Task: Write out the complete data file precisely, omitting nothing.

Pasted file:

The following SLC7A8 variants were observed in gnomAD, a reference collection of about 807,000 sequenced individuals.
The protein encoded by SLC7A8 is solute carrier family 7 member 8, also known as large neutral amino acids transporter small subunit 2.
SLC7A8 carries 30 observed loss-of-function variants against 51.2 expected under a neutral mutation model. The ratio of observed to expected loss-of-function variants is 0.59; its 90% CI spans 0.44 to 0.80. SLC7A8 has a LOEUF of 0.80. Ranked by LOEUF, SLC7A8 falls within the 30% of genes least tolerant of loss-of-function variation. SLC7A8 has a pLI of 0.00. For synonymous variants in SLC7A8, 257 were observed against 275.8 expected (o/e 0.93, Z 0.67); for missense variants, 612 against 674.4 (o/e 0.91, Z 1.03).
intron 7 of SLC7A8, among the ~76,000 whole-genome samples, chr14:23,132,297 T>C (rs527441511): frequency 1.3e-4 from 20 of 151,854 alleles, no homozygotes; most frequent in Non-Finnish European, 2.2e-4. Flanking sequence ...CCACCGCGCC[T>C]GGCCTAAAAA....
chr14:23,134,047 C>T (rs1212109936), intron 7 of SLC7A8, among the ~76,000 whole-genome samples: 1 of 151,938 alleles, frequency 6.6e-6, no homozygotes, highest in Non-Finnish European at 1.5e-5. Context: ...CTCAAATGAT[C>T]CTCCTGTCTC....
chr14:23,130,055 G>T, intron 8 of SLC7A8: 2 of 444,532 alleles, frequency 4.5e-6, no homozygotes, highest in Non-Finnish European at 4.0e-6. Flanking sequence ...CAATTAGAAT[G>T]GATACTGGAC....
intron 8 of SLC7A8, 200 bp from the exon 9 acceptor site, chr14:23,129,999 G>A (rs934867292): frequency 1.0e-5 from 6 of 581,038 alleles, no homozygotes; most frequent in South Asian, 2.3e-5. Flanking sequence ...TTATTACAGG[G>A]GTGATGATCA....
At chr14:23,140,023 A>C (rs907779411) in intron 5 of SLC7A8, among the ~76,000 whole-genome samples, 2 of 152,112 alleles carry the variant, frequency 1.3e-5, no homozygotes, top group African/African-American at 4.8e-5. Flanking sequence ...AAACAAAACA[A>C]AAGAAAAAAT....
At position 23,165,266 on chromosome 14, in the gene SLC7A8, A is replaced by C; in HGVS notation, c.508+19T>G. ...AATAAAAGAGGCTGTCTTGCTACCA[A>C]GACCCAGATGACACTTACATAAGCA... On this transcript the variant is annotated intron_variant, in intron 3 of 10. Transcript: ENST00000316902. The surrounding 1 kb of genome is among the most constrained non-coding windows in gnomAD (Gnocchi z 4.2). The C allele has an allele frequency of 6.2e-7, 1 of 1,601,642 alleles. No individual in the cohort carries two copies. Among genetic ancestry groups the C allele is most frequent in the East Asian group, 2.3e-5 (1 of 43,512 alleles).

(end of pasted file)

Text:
The following SLC7A8 variants were observed in gnomAD, a reference collection of about 807,000 sequenced individuals.
The protein encoded by SLC7A8 is solute carrier family 7 member 8, also known as large neutral amino acids transporter small subunit 2.
SLC7A8 carries 30 observed loss-of-function variants against 51.2 expected under a neutral mutation model. The ratio of observed to expected loss-of-function variants is 0.59; its 90% CI spans 0.44 to 0.80. SLC7A8 has a LOEUF of 0.80. Ranked by LOEUF, SLC7A8 falls within the 30% of genes least tolerant of loss-of-function variation. SLC7A8 has a pLI of 0.00. For synonymous variants in SLC7A8, 257 were observed against 275.8 expected (o/e 0.93, Z 0.67); for missense variants, 612 against 674.4 (o/e 0.91, Z 1.03).
intron 7 of SLC7A8, among the ~76,000 whole-genome samples, chr14:23,132,297 T>C (rs527441511): frequency 1.3e-4 from 20 of 151,854 alleles, no homozygotes; most frequent in Non-Finnish European, 2.2e-4. Flanking sequence ...CCACCGCGCC[T>C]GGCCTAAAAA....
chr14:23,134,047 C>T (rs1212109936), intron 7 of SLC7A8, among the ~76,000 whole-genome samples: 1 of 151,938 alleles, frequency 6.6e-6, no homozygotes, highest in Non-Finnish European at 1.5e-5. Context: ...CTCAAATGAT[C>T]CTCCTGTCTC....
chr14:23,130,055 G>T, intron 8 of SLC7A8: 2 of 444,532 alleles, frequency 4.5e-6, no homozygotes, highest in Non-Finnish European at 4.0e-6. Flanking sequence ...CAATTAGAAT[G>T]GATACTGGAC....
intron 8 of SLC7A8, 200 bp from the exon 9 acceptor site, chr14:23,129,999 G>A (rs934867292): frequency 1.0e-5 from 6 of 581,038 alleles, no homozygotes; most frequent in South Asian, 2.3e-5. Flanking sequence ...TTATTACAGG[G>A]GTGATGATCA....
At chr14:23,140,023 A>C (rs907779411) in intron 5 of SLC7A8, among the ~76,000 whole-genome samples, 2 of 152,112 alleles carry the variant, frequency 1.3e-5, no homozygotes, top group African/African-American at 4.8e-5. Flanking sequence ...AAACAAAACA[A>C]AAGAAAAAAT....
At position 23,165,266 on chromosome 14, in the gene SLC7A8, A is replaced by C; in HGVS notation, c.508+19T>G. ...AATAAAAGAGGCTGTCTTGCTACCA[A>C]GACCCAGATGACACTTACATAAGCA... On this transcript the variant is annotated intron_variant, in intron 3 of 10. Transcript: ENST00000316902. The surrounding 1 kb of genome is among the most constrained non-coding windows in gnomAD (Gnocchi z 4.2). The C allele has an allele frequency of 6.2e-7, 1 of 1,601,642 alleles. No individual in the cohort carries two copies. Among genetic ancestry groups the C allele is most frequent in the East Asian group, 2.3e-5 (1 of 43,512 alleles).